33. RHP, Logan Verrett - The third round pick in the 2011 draft is another strike-thrower of a four-pitch big league mix. He sits in the 88-93 mph range with his fastball and has an above average slider that helped him strike out 93 batters in 103 1/3 combined innings between low-A Savannah and high-A St. Lucie last season. He also has a quality curveball-changeup combination and he is constantly pitching ahead in counts. The ceiling isn't huge but he has an excellent chance at contributing in the big leagues someday as a back of the rotation starting pitcher.

34. RHP, Tyler Pill - The 2011 fourth round pick out of Cal-State Fullerton is the second coming of McHugh in that he isn't overpowering but the four-pitch mix is solid and the pitch-ability is advanced. He posted a combined 2.31 ERA between low-A Savannah and high-A St. Lucie in his first full season last year. Where he differs from McHugh is he doesn't have a favorite go-to secondary pitch -- he has confidence in all of them. His ceiling is that of a back-end big league starting pitcher but that projection is a safe one too.

35. RHP, Armando Rodriguez - The now 25-year old has good size [6-foot-3, 240 pounds], a quality fastball-slider combination which grades out as above average, and he throws strikes. He doesn't project to have much more than a middle reliever type ceiling, perhaps a setup type potential in a pinch, but he's one of the better locks to reach his ceiling.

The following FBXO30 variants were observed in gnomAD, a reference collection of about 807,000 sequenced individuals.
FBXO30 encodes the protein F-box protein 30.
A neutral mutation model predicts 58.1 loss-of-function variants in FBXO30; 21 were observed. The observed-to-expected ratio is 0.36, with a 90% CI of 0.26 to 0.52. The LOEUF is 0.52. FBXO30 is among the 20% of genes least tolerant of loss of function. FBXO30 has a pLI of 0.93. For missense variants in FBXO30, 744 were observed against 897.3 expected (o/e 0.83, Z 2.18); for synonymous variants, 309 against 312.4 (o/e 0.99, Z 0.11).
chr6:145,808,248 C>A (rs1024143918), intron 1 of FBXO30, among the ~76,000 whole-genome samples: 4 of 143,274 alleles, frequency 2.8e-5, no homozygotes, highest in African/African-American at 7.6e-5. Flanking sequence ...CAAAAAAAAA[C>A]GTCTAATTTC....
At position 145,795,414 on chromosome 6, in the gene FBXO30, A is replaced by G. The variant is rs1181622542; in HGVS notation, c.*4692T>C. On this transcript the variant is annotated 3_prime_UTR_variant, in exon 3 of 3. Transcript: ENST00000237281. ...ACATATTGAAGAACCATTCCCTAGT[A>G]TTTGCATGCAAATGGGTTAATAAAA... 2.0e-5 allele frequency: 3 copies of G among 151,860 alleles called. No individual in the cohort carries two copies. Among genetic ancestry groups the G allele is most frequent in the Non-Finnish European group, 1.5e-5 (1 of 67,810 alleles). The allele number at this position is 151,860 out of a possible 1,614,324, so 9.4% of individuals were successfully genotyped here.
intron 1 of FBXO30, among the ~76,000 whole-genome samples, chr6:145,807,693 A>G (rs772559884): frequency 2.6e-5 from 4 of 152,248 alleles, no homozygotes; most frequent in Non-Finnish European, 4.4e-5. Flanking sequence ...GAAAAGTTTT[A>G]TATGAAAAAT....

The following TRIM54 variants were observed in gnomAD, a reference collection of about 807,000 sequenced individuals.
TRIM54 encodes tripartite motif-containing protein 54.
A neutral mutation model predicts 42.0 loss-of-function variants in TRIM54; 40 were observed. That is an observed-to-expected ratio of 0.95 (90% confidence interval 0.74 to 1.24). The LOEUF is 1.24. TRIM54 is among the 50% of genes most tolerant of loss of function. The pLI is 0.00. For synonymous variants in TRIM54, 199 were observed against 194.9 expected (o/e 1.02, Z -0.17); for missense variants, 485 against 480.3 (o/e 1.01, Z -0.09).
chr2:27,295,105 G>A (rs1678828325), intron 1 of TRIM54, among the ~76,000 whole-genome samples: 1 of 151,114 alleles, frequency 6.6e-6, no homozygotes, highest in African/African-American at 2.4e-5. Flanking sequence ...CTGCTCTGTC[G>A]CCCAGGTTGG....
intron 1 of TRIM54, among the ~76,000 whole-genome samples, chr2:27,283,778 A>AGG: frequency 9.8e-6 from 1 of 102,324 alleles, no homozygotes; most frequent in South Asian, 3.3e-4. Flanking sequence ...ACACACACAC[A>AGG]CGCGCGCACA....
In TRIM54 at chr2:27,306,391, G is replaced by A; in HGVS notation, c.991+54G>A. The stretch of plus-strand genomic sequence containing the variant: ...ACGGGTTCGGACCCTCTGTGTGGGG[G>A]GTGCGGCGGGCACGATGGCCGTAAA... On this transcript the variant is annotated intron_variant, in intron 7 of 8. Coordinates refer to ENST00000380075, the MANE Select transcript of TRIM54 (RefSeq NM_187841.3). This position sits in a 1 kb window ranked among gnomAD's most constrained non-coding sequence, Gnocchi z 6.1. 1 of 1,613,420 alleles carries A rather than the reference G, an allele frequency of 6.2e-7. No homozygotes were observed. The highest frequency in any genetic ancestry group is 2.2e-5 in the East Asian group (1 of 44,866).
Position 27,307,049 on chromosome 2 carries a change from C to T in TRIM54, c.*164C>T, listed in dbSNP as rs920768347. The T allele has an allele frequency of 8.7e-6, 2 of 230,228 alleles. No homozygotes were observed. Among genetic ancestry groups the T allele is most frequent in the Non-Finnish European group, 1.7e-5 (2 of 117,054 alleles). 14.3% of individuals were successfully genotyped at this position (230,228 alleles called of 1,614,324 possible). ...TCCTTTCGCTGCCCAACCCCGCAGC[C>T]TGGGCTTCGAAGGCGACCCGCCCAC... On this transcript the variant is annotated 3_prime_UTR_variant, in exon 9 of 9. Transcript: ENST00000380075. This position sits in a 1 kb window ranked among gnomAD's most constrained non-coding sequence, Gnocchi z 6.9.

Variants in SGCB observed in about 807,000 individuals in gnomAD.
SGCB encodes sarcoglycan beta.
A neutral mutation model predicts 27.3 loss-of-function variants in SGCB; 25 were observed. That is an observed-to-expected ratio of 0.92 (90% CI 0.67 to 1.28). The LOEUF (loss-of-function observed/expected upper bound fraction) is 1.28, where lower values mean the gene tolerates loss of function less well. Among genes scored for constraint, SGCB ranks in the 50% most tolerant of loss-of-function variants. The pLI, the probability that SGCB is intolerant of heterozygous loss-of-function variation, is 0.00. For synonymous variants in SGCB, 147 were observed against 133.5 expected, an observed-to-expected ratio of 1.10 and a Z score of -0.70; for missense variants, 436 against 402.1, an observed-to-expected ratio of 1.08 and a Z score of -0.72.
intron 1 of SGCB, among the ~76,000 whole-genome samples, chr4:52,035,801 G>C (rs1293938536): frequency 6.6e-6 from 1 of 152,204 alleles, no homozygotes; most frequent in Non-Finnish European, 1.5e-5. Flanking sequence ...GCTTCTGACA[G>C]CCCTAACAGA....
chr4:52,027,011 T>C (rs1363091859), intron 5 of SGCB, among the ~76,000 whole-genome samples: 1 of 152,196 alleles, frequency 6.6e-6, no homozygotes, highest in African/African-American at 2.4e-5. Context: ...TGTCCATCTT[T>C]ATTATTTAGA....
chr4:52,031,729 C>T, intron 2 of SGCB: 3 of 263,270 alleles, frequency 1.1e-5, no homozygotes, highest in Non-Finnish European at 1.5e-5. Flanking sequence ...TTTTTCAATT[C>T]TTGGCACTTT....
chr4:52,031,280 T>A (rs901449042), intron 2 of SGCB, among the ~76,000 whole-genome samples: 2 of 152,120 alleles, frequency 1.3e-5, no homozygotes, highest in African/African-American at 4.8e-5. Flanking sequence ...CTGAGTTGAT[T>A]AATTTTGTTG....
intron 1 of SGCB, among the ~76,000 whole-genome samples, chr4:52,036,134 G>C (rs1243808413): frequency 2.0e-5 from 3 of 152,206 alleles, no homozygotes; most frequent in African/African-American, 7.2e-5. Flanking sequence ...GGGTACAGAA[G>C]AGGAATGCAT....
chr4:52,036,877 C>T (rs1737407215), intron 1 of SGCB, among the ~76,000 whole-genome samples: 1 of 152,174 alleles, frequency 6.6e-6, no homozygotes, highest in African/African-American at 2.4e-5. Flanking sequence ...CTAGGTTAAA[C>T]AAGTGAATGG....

36. C, Juan Centeno - The 23-year old Puerto Rico native gets overlooked by many pundits because the power is way below average. While that will certainly most likely keep him out of long-term starting discussions, the fact his the rest of the game is in place to be a solid big league backup catcher; good catch and throw, a left-handed bat who can hit for average, good plate discipline, etc. There's nothing to get too excited about because the ceiling is limited but he has a strong chance to carve himself a nice niche as a bench player.

37. LHP, Darin Gorski - Now a member of the 40-man roster, the seventh round pick in the 2009 draft has the chance to be a solid left-handed specialist for the Mets sometime soon. The 25-year old has the kind of slider that could be really effective against left-handed batters -- lefties hit just .217 off of him last year in Binghamton -- and the rest of his stuff is average at best against right-handers.